The mission of the National Institute of Arthritis and Musculoskeletal and Skin Diseases (NIAMS), a part of the U.S. Department of Health and Human Services’ National Institutes of Health (NIH), is to support research into the causes, treatment, and prevention of arthritis and musculoskeletal and skin diseases; the training of basic and clinical scientists to carry out this research; and the dissemination of information on research progress in these diseases. The NIAMS Information Clearinghouse is a public service sponsored by NIAMS that provides health information and information sources. Additional information can be found on the NIAMS website at https://www.niams.nih.gov.
This publication is not copyrighted. You can make copies of it and give out as many as you want.
Additional copies of this publication are available from the National Institute of Arthritis and Musculoskeletal and Skin Diseases, NIAMS/National Institutes of Health, 1 AMS Circle, Bethesda, MD 20892-3675, and on the NIAMS website at https://www.niams.nih.gov.
NIH Pub. No. 18-7847-E
Table of Contents
- What Is Calcium, and Where Do We Get It?
- Growing Healthy Bones
- What Is Osteoporosis
- How Can Osteoporosis Be Slowed Down?
- Preventing Bone Loss in Adulthood
- Do We Need Calcium from Dairy Foods?
- The Bottom Line: Recommendations for Calcium Intake and Bone Health
Advertisements pushing milk as the answer to strong bones are almost inescapable. But does “got milk?” really translate into “got strong bones?”
The pro-milk faction believes that increased calcium intake—particularly in the form of the currently recommended three glasses of milk per day—will help prevent osteoporosis, the weakening of bones. Each year, osteoporosis leads to more than 2 million fractures, including more than 250,000 broken hips.
On the other side are those who believe that consuming a lot of milk and other dairy products will have little effect on the rate of fractures but may contribute to problems such as heart disease or prostate cancer.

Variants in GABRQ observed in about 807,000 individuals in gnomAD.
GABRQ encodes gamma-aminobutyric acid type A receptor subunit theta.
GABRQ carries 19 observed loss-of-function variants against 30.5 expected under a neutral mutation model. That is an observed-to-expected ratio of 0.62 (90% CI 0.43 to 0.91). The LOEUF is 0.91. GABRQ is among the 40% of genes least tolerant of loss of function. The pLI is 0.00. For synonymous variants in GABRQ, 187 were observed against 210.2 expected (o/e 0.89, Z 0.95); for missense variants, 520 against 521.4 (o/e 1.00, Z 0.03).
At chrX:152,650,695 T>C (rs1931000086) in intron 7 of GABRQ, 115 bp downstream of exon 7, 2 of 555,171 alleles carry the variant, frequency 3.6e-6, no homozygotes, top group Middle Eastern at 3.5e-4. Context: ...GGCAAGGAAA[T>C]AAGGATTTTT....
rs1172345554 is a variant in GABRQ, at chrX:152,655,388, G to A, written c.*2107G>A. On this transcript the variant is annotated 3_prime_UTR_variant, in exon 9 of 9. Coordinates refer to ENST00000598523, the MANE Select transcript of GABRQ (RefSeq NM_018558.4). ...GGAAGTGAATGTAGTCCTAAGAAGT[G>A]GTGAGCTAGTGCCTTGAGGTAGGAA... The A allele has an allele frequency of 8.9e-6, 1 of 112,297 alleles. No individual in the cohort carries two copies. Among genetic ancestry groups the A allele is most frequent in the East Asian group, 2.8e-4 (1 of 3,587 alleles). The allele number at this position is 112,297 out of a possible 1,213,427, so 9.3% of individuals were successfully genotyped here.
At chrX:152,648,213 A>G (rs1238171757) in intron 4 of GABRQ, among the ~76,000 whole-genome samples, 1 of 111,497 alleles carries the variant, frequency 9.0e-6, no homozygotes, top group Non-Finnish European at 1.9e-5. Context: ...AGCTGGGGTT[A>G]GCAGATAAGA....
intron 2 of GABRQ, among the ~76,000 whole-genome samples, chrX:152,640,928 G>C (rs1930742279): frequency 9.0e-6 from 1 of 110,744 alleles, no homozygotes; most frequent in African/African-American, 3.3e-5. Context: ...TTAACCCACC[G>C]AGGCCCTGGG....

Which view is right? The final answers aren’t in. But here is a summary of what’s currently known about calcium and its effects on the body.
What Is Calcium, and Where Do We Get It?
Calcium is a mineral that the body needs for numerous functions, including building and maintaining bones and teeth, blood clotting, the transmission of nerve impulses, and the regulation of the heart’s rhythm. About 99% of the body’s calcium is stored in the bones and teeth. The remaining 1% is found in the blood, muscle, and other tissues.
The body gets the calcium it needs in two ways. One is by eating foods or supplements that contain calcium, and the other is by drawing from calcium stores in the body, primarily the bones. Good food sources include dairy products, which have the highest concentration per serving of highly absorbable calcium, and salmon, dark leafy greens, beans, and soy foods, which have varying amounts of absorbable calcium. Calcium supplements often contain vitamin D; taking calcium paired with vitamin D seems to be more beneficial for bone health than taking calcium alone. (Read more about calcium and osteoporosis.)
If one does not eat enough calcium-containing foods, the body will remove calcium from bones. Ideally, the calcium that is “borrowed” from the bones will be replaced at a later point. But this doesn’t always happen. Most importantly, this payback can’t be accomplished simply by eating more calcium.